The outer solar system is still largely a mystery to astronomers, and no celestial body illustrates this more clearly than the long-lost “Planet X,” Eris. It was Eris’ discovery in 2005 that prompted astronomers to famously downgrade Pluto from a planet to dwarf planet, as they realized that Eris would not be the last larger-than-Pluto object they’d find in the outer solar system—and so unless they planned on making kids memorize the order of a lot of planets, they needed to refine the taxonomy. Eris became either the tenth planet or the first dwarf planet, or both, depending on how you look at it. In any case, its discovery fundamentally changed the way we look at our solar system.
Considering the fact that we’ve never really gotten a good look at Eris, it’s remarkable that astronomers know as much about its composition as they do. It’s perhaps even more remarkable that Eris appears to have a much better chance of sustaining life than any other planet or dwarf planet that we’ve found in our solar system (with the obvious exception of Earth); the surface contains methane, and there’s an excellent chance that, much like the moons of Enceladus and Europa, Eris contains an underground ocean heated by geological activity.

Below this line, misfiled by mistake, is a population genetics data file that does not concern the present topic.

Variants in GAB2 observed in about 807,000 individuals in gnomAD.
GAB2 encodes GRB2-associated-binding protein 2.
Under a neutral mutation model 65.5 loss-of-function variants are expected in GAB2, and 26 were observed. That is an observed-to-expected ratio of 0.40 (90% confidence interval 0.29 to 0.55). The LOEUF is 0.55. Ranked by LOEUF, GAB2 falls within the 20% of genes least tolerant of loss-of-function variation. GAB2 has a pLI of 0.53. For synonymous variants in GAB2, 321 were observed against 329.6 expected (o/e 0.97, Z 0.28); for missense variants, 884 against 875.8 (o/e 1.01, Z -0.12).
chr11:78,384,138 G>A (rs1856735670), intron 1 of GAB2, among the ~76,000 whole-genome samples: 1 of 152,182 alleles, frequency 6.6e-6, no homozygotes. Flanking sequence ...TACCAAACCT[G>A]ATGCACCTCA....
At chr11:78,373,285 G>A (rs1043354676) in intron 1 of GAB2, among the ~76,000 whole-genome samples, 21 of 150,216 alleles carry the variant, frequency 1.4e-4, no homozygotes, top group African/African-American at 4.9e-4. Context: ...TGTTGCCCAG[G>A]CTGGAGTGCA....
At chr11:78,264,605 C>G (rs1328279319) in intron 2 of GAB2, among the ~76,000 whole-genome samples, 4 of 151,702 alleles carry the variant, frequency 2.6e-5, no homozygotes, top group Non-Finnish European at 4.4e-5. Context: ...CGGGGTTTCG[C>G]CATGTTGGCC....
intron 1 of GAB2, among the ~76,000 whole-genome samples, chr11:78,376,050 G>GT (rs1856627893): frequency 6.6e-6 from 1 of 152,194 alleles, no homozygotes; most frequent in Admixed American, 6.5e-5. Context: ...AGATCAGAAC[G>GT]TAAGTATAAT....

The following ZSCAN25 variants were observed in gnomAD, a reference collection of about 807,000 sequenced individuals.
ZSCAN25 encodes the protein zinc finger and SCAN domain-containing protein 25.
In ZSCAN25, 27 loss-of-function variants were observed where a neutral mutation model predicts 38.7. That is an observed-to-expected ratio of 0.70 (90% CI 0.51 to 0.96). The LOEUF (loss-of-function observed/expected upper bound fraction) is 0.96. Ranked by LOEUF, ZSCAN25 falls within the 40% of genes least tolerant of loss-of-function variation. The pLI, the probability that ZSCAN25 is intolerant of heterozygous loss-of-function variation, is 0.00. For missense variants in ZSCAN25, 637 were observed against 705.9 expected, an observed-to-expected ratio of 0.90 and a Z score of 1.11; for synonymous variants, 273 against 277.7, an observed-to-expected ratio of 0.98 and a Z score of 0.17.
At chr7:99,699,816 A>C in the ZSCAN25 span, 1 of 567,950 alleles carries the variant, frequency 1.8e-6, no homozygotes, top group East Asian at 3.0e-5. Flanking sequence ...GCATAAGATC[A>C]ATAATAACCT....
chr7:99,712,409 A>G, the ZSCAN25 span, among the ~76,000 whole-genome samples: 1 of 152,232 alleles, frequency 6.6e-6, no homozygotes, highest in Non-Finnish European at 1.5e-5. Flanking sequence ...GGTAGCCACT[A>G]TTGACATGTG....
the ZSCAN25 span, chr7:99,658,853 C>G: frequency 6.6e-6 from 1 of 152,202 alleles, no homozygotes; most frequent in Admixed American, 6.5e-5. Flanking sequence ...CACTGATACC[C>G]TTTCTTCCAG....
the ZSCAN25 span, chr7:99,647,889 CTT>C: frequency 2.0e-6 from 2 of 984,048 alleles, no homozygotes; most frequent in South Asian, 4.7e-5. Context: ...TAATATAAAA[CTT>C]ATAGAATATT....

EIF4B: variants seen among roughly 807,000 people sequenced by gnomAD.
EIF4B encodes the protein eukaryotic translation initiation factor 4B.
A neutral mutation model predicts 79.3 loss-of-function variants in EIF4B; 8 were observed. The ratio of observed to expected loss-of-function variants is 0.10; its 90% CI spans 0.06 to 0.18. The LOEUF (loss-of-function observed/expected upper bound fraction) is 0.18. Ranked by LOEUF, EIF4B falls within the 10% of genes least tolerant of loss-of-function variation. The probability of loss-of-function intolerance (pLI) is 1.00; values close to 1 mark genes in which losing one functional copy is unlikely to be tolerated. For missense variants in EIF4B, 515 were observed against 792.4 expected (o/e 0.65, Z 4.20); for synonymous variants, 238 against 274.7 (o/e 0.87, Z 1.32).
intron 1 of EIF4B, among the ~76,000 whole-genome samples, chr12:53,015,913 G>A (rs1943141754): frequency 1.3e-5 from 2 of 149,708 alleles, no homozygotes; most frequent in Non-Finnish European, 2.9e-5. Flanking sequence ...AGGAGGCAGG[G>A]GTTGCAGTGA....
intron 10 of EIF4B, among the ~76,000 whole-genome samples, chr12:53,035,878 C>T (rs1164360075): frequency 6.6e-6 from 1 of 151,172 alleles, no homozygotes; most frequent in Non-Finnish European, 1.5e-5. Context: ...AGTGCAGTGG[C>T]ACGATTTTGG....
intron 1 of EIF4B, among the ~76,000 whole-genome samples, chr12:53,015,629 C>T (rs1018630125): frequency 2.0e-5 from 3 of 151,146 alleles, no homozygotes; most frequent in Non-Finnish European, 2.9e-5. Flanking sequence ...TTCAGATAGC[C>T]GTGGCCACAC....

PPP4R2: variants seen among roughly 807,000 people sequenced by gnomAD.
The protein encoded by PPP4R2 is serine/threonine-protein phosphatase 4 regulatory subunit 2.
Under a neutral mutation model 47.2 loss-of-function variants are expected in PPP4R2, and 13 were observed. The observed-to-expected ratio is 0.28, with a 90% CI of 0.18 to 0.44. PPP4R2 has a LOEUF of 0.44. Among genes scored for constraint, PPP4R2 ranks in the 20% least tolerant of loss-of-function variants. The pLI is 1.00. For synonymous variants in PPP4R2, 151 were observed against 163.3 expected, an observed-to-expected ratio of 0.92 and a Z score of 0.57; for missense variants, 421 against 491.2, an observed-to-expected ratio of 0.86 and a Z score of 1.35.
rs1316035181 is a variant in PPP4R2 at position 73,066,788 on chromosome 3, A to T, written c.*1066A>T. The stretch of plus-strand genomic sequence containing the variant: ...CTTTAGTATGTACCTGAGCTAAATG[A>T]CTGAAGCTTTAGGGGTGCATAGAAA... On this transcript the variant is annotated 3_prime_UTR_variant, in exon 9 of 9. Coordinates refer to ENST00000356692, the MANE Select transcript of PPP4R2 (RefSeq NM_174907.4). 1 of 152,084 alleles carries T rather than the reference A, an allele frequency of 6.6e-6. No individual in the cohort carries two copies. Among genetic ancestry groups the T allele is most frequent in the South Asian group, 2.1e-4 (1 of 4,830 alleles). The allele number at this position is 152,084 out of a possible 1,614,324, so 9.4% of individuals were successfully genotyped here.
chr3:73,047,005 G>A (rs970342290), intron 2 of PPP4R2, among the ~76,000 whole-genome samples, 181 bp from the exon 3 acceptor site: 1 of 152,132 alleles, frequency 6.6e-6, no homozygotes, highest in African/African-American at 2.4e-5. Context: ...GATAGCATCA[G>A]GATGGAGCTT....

We probably won’t know for sure for some time, because Eris is pretty far away and we haven’t gotten a very good look at it yet. As soon as 2018, the James Webb Space Telescope (JWST) may tell us about the dwarf planet’s surface features, confirm or eliminate the possibility of an underground ocean, pick up on biosignatures, and so on. If it turns out that an actual visit to Eris is in order, that may be harder to arrange; Eris is so far away that it takes 560 years to orbit the Sun, and an unmanned craft launched today with the specific purpose of examining Eris would still take more than a decade to reach it. What we learn over the next few years may tell us whether it’s worth the trip.